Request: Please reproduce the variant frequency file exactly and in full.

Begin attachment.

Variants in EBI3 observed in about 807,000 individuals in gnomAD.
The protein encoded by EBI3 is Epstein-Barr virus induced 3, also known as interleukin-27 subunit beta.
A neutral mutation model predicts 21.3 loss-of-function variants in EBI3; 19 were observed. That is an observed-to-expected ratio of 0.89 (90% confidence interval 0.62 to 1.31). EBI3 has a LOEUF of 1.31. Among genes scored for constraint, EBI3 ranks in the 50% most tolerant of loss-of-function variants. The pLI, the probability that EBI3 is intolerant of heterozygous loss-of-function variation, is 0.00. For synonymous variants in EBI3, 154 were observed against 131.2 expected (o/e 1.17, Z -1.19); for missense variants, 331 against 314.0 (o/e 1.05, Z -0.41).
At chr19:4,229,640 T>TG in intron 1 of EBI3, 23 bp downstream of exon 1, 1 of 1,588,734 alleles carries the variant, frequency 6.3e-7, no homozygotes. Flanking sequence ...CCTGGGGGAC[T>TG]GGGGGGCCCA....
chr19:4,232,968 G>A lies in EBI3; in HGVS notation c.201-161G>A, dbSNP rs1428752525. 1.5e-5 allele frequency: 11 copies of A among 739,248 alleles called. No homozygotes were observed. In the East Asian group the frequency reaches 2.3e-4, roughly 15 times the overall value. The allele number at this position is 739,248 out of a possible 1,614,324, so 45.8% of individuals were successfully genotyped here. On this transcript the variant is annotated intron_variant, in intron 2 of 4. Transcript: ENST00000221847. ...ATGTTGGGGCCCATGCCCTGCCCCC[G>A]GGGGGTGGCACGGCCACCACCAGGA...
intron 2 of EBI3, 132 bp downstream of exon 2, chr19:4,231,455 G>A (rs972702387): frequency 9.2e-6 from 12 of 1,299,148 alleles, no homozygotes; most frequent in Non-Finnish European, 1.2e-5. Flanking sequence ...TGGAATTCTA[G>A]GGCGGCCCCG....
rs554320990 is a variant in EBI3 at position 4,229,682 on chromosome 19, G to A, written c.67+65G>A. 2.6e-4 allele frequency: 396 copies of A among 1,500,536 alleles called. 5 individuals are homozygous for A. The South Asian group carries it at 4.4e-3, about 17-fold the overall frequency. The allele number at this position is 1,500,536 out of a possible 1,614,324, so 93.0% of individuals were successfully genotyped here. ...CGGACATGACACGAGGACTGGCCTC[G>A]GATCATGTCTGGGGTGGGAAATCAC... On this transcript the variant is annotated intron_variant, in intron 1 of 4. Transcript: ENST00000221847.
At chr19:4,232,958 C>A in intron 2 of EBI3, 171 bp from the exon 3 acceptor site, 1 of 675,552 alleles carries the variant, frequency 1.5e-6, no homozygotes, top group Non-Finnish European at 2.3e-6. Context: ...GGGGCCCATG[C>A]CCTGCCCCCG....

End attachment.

Variants in EBI3 observed in about 807,000 individuals in gnomAD.
The protein encoded by EBI3 is Epstein-Barr virus induced 3, also known as interleukin-27 subunit beta.
A neutral mutation model predicts 21.3 loss-of-function variants in EBI3; 19 were observed. That is an observed-to-expected ratio of 0.89 (90% confidence interval 0.62 to 1.31). EBI3 has a LOEUF of 1.31. Among genes scored for constraint, EBI3 ranks in the 50% most tolerant of loss-of-function variants. The pLI, the probability that EBI3 is intolerant of heterozygous loss-of-function variation, is 0.00. For synonymous variants in EBI3, 154 were observed against 131.2 expected (o/e 1.17, Z -1.19); for missense variants, 331 against 314.0 (o/e 1.05, Z -0.41).
At chr19:4,229,640 T>TG in intron 1 of EBI3, 23 bp downstream of exon 1, 1 of 1,588,734 alleles carries the variant, frequency 6.3e-7, no homozygotes. Flanking sequence ...CCTGGGGGAC[T>TG]GGGGGGCCCA....
chr19:4,232,968 G>A lies in EBI3; in HGVS notation c.201-161G>A, dbSNP rs1428752525. 1.5e-5 allele frequency: 11 copies of A among 739,248 alleles called. No homozygotes were observed. In the East Asian group the frequency reaches 2.3e-4, roughly 15 times the overall value. The allele number at this position is 739,248 out of a possible 1,614,324, so 45.8% of individuals were successfully genotyped here. On this transcript the variant is annotated intron_variant, in intron 2 of 4. Transcript: ENST00000221847. ...ATGTTGGGGCCCATGCCCTGCCCCC[G>A]GGGGGTGGCACGGCCACCACCAGGA...
intron 2 of EBI3, 132 bp downstream of exon 2, chr19:4,231,455 G>A (rs972702387): frequency 9.2e-6 from 12 of 1,299,148 alleles, no homozygotes; most frequent in Non-Finnish European, 1.2e-5. Flanking sequence ...TGGAATTCTA[G>A]GGCGGCCCCG....
rs554320990 is a variant in EBI3 at position 4,229,682 on chromosome 19, G to A, written c.67+65G>A. 2.6e-4 allele frequency: 396 copies of A among 1,500,536 alleles called. 5 individuals are homozygous for A. The South Asian group carries it at 4.4e-3, about 17-fold the overall frequency. The allele number at this position is 1,500,536 out of a possible 1,614,324, so 93.0% of individuals were successfully genotyped here. ...CGGACATGACACGAGGACTGGCCTC[G>A]GATCATGTCTGGGGTGGGAAATCAC... On this transcript the variant is annotated intron_variant, in intron 1 of 4. Transcript: ENST00000221847.
At chr19:4,232,958 C>A in intron 2 of EBI3, 171 bp from the exon 3 acceptor site, 1 of 675,552 alleles carries the variant, frequency 1.5e-6, no homozygotes, top group Non-Finnish European at 2.3e-6. Context: ...GGGGCCCATG[C>A]CCTGCCCCCG....